The British Policing Model

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The British policing model traces its lineage through several centuries. A defining moment in its development came in 1829, with the establishment by Sir Robert Peel (then Home Secretary) of the Metropolitan Police (MPS). This 'new police' was established under a core set of 'Peelian Principles , still recognisable and highly cherished in contemporary British policing. Peel's conceptualisation of the 'police mission' being that of crime reduction and preservation of order, delivered by 'citizens in uniform', in a constabulary structure, 'policing by consent' through public support and accountability, established the fundamental characteristics of British policing . The model today can be thought of spanning four conceptual tiers, namely the transnational, national, regional and local.

Inter and intra-tier concerns include governance and accountability, legitimacy, performance, training and professionalism, ways of working (including policing strategies, information sharing and multi-agency collaboration), workforce diversity and skills, criminal intelligence and crime analysis, demand and supply-side management (such as crime reduction and organisational sizing) and operational culture . Tautological it may be that policing is a function of the police. It is however important to recognise and consider the effects of pluralisation and the continued extension of the 'police family' in the context of each tier. In this sense, policing is definitionally nuanced, services being delivered by public, private and third sector organisations in addition to traditional policing 'institutions' .

The transnational operating context of British policing is that of globalisation and global capitalism, free trade, European Union (EU) expansion, the information revolution, transnational crime and terrorism, international conflict, climate change, population mobility and displacement, refugee crisis and economic migration. Nationally, the operating context spans multiculturalism and challenges of social cohesion , the rise of identity politics and secularism and declining relevance of class . Regionally and locally, urban transformation, demographic change and internal migration, austerity, industrial decline , an aging population and straining public services provide a context in which policing is increasingly delivered through multi-agency response.

To help 'constrain and tame' this complexity, the key structures of the British policing model are first sketched, bottom up, from local to regional to national to transnational foci. This sketch is to a level sufficient to identify the key challenges for critical discussion, and is (by intent) not exhaustively descriptive. Having constructed and ascended the multi-tier model and recognising the hegemonic and pervasive nature of globalisation ; critical analysis of the challenges faced from new crime patterns and evolving communities then follow in reverse order (descending from the transnational context back to the local).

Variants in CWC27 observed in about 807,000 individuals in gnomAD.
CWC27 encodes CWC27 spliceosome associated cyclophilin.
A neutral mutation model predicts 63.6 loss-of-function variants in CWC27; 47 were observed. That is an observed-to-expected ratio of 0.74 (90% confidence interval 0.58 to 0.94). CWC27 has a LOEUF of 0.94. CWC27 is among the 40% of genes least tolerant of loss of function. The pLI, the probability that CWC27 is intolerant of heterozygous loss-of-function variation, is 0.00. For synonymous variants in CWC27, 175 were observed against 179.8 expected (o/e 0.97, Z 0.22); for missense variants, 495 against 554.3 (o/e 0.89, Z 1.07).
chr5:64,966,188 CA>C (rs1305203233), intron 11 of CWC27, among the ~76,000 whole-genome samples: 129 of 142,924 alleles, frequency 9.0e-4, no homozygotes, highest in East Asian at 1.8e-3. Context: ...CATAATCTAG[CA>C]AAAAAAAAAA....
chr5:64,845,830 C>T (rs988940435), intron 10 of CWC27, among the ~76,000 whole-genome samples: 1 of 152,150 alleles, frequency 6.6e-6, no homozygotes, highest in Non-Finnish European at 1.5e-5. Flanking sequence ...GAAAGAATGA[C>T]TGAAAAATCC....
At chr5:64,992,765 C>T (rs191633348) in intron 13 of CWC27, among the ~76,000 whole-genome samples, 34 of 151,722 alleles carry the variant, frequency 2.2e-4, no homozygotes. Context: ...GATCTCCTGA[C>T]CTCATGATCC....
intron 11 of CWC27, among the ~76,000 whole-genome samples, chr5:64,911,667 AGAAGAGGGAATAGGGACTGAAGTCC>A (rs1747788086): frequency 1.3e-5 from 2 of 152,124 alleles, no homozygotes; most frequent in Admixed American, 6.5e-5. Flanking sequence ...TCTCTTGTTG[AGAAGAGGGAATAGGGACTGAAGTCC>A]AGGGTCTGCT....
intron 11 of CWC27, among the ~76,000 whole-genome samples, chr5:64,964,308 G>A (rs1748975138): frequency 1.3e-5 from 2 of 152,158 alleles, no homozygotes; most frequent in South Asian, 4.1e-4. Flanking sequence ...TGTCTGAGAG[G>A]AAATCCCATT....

Beginning at 'ground level', the British policing model is constructed from a base of 43 constabularies in England and Wales. Each constabulary (typically organised at county or metropolitan level) is horizontally integrated across multiple public and private sector agencies, delivering service to diverse communities. Each constabulary enjoys a high degree of operational independence, overseen by a Chief Constable who in turn is accountable to an elected Police and Crime Commissioner (PCC).

Working alongside their PCC, Chief Constables must ensure they have sufficient capacity to deliver locally and as part of an integrated pan-national (and increasingly pluralised) policing response. The Strategic Policing Requirement (SPR) provides a 'frame of reference'. This illustrates the scale of challenge facing Chief Constables, namely the breadth of local policing demands and the 'capability surplus' that must be ready to supply into the national system if called upon. The role of the PCC raises questions about the potential dangers of political interference and the virtues of greater public scrutiny of police performance .

Local policing services are delivered by (predominantly unarmed) sworn officers, Special Constables, Police Community Support Officers (PCSOs), private contractors (particularly in back-office and outsourced functions) and a swathe of private sector security personnel. A range of policing strategies are pertinent including Community Oriented Policing (COP), Problem Oriented Policing (POP) and Intelligence Led Policing (ILP) . The extent to which policing strategies are harmoniously and synergistically aligned and 'fit for purpose' within diverse operating contexts must be considered.

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